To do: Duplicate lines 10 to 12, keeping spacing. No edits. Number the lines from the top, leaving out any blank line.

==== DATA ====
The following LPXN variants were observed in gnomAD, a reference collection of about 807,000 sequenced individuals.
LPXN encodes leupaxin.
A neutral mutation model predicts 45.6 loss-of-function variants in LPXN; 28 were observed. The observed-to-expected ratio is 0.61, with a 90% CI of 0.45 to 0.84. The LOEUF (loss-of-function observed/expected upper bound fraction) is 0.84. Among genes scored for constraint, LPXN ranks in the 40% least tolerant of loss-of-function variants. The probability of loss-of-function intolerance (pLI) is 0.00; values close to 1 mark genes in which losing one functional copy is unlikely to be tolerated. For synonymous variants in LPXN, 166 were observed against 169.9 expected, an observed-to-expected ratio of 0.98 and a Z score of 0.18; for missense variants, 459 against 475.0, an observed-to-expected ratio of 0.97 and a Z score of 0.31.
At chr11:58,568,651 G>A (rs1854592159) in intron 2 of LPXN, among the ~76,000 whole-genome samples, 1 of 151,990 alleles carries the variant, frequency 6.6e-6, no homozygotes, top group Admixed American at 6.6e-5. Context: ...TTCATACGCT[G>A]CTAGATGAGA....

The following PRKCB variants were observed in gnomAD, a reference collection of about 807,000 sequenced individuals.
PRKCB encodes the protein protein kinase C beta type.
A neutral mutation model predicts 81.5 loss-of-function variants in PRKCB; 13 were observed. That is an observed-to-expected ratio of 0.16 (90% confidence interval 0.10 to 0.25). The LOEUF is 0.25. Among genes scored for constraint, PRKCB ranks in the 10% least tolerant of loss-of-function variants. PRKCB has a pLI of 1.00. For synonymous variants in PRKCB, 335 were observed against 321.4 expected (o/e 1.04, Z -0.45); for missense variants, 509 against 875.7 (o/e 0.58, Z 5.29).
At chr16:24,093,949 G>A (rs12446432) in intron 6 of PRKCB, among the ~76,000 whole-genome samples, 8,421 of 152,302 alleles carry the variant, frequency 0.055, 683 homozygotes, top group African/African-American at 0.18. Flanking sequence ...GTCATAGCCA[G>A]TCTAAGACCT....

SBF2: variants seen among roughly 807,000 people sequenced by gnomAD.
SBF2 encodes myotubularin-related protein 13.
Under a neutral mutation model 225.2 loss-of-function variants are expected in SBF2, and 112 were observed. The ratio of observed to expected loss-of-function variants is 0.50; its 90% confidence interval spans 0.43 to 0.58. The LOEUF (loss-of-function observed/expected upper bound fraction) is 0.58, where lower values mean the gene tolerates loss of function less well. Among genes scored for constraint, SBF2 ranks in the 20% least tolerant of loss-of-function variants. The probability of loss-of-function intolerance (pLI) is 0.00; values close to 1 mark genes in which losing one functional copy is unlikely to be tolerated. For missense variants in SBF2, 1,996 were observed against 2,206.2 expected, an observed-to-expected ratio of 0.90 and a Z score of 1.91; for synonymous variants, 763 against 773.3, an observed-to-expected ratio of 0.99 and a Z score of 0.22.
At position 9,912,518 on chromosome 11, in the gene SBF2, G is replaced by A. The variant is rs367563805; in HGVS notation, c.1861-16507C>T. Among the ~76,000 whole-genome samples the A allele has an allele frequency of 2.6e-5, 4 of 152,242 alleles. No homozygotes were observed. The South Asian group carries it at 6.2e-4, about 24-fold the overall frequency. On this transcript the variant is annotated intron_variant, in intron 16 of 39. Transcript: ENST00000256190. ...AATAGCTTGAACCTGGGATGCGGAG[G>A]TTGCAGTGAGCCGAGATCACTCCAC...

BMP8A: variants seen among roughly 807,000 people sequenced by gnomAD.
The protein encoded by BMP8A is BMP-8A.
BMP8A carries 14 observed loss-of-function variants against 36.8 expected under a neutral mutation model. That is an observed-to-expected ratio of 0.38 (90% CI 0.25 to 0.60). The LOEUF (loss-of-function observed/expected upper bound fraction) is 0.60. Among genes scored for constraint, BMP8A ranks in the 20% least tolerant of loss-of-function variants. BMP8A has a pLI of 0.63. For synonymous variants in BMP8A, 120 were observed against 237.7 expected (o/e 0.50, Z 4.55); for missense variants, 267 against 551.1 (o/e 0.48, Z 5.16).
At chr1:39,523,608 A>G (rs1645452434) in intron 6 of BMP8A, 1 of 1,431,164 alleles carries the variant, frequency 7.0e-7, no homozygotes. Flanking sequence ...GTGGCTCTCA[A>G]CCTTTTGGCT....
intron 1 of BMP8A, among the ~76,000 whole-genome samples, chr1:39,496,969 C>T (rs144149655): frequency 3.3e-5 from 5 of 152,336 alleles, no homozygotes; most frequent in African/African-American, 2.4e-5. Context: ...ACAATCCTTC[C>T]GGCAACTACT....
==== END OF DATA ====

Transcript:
SBF2 encodes myotubularin-related protein 13.
Under a neutral mutation model 225.2 loss-of-function variants are expected in SBF2, and 112 were observed. The ratio of observed to expected loss-of-function variants is 0.50; its 90% confidence interval spans 0.43 to 0.58. The LOEUF (loss-of-function observed/expected upper bound fraction) is 0.58, where lower values mean the gene tolerates loss of function less well. Among genes scored for constraint, SBF2 ranks in the 20% least tolerant of loss-of-function variants. The probability of loss-of-function intolerance (pLI) is 0.00; values close to 1 mark genes in which losing one functional copy is unlikely to be tolerated. For missense variants in SBF2, 1,996 were observed against 2,206.2 expected, an observed-to-expected ratio of 0.90 and a Z score of 1.91; for synonymous variants, 763 against 773.3, an observed-to-expected ratio of 0.99 and a Z score of 0.22.
At position 9,912,518 on chromosome 11, in the gene SBF2, G is replaced by A. The variant is rs367563805; in HGVS notation, c.1861-16507C>T. Among the ~76,000 whole-genome samples the A allele has an allele frequency of 2.6e-5, 4 of 152,242 alleles. No homozygotes were observed. The South Asian group carries it at 6.2e-4, about 24-fold the overall frequency. On this transcript the variant is annotated intron_variant, in intron 16 of 39. Transcript: ENST00000256190. ...AATAGCTTGAACCTGGGATGCGGAG[G>A]TTGCAGTGAGCCGAGATCACTCCAC...